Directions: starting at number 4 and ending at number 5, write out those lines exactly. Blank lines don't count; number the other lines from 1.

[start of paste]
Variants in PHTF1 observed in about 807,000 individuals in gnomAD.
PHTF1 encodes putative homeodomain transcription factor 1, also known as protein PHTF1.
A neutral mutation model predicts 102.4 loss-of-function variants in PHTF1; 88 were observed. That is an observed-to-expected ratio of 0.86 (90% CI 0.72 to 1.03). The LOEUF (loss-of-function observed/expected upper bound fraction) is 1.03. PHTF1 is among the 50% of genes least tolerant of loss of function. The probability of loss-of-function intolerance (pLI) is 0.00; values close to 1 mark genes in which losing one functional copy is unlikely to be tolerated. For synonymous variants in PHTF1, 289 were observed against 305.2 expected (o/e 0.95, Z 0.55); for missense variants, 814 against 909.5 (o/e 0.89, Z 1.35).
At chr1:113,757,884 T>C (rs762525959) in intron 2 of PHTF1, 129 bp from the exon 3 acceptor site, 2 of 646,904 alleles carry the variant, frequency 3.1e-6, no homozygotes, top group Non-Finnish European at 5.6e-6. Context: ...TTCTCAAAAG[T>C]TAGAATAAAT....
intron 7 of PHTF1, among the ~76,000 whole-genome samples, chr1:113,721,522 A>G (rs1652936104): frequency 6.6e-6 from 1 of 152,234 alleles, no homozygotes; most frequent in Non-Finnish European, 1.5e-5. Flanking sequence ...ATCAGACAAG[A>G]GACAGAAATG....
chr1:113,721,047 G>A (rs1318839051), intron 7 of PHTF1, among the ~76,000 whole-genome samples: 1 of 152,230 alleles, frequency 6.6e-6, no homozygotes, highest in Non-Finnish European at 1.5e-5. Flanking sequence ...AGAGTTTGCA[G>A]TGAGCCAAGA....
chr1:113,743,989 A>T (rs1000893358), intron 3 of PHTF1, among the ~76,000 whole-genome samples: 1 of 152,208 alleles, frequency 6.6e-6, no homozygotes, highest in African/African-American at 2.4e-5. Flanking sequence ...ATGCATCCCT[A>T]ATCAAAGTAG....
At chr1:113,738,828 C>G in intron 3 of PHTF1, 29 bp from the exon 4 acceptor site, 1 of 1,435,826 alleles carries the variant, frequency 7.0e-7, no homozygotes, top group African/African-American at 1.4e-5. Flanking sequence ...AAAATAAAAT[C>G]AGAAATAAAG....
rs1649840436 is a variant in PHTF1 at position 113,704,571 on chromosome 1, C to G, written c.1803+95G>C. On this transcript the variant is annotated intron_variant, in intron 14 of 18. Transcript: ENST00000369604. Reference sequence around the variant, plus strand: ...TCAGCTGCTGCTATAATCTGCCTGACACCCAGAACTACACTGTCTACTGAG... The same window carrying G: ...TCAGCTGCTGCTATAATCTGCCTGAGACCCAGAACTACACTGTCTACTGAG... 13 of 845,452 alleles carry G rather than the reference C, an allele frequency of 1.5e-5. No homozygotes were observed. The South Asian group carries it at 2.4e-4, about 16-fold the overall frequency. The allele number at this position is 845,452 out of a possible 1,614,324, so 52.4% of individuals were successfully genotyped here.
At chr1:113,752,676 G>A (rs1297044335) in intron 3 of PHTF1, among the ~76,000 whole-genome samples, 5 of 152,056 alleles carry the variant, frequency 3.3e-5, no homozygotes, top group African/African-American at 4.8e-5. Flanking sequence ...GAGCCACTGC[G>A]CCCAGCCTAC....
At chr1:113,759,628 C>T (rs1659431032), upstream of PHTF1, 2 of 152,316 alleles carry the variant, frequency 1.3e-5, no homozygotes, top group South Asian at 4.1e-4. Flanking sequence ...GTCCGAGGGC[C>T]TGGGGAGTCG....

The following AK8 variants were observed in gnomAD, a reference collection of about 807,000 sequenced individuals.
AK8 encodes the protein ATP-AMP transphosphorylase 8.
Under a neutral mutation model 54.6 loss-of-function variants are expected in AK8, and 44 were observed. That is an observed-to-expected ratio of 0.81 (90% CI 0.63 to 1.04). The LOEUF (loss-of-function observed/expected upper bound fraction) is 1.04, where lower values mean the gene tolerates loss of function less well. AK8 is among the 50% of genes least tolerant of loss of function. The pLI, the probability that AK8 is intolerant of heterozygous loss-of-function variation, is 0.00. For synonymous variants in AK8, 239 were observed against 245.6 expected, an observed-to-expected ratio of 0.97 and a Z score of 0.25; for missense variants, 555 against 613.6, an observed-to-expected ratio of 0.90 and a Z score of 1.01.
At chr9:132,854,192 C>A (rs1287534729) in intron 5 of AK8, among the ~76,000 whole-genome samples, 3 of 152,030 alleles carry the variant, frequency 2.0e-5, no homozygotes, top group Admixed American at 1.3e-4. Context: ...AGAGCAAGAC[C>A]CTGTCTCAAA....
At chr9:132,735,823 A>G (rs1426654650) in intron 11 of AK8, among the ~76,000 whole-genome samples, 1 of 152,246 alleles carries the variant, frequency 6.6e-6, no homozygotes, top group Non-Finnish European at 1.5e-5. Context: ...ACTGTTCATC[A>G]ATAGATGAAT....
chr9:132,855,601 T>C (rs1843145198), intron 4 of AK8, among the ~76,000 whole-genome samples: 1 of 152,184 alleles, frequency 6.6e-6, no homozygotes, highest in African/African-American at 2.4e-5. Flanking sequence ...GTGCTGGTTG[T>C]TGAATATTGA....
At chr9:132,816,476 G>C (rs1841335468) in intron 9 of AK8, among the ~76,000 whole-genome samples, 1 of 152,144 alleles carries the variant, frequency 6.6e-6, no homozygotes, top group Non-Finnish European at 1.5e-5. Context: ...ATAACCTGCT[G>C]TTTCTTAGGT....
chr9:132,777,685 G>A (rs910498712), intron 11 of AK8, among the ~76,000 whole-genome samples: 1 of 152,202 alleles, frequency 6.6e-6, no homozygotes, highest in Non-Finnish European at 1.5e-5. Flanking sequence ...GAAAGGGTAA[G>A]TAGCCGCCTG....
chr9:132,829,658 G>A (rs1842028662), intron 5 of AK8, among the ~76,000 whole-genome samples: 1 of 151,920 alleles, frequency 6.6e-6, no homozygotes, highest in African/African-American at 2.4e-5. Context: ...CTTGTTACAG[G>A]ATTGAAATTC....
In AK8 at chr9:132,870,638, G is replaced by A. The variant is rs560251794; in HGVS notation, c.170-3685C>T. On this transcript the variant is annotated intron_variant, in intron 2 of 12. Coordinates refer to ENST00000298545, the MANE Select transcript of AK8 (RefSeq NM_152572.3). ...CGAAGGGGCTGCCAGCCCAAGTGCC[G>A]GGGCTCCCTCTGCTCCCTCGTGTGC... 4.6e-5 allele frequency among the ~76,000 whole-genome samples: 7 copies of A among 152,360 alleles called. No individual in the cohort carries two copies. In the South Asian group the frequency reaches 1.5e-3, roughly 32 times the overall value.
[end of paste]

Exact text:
At chr1:113,757,884 T>C (rs762525959) in intron 2 of PHTF1, 129 bp from the exon 3 acceptor site, 2 of 646,904 alleles carry the variant, frequency 3.1e-6, no homozygotes, top group Non-Finnish European at 5.6e-6. Context: ...TTCTCAAAAG[T>C]TAGAATAAAT....
intron 7 of PHTF1, among the ~76,000 whole-genome samples, chr1:113,721,522 A>G (rs1652936104): frequency 6.6e-6 from 1 of 152,234 alleles, no homozygotes; most frequent in Non-Finnish European, 1.5e-5. Flanking sequence ...ATCAGACAAG[A>G]GACAGAAATG....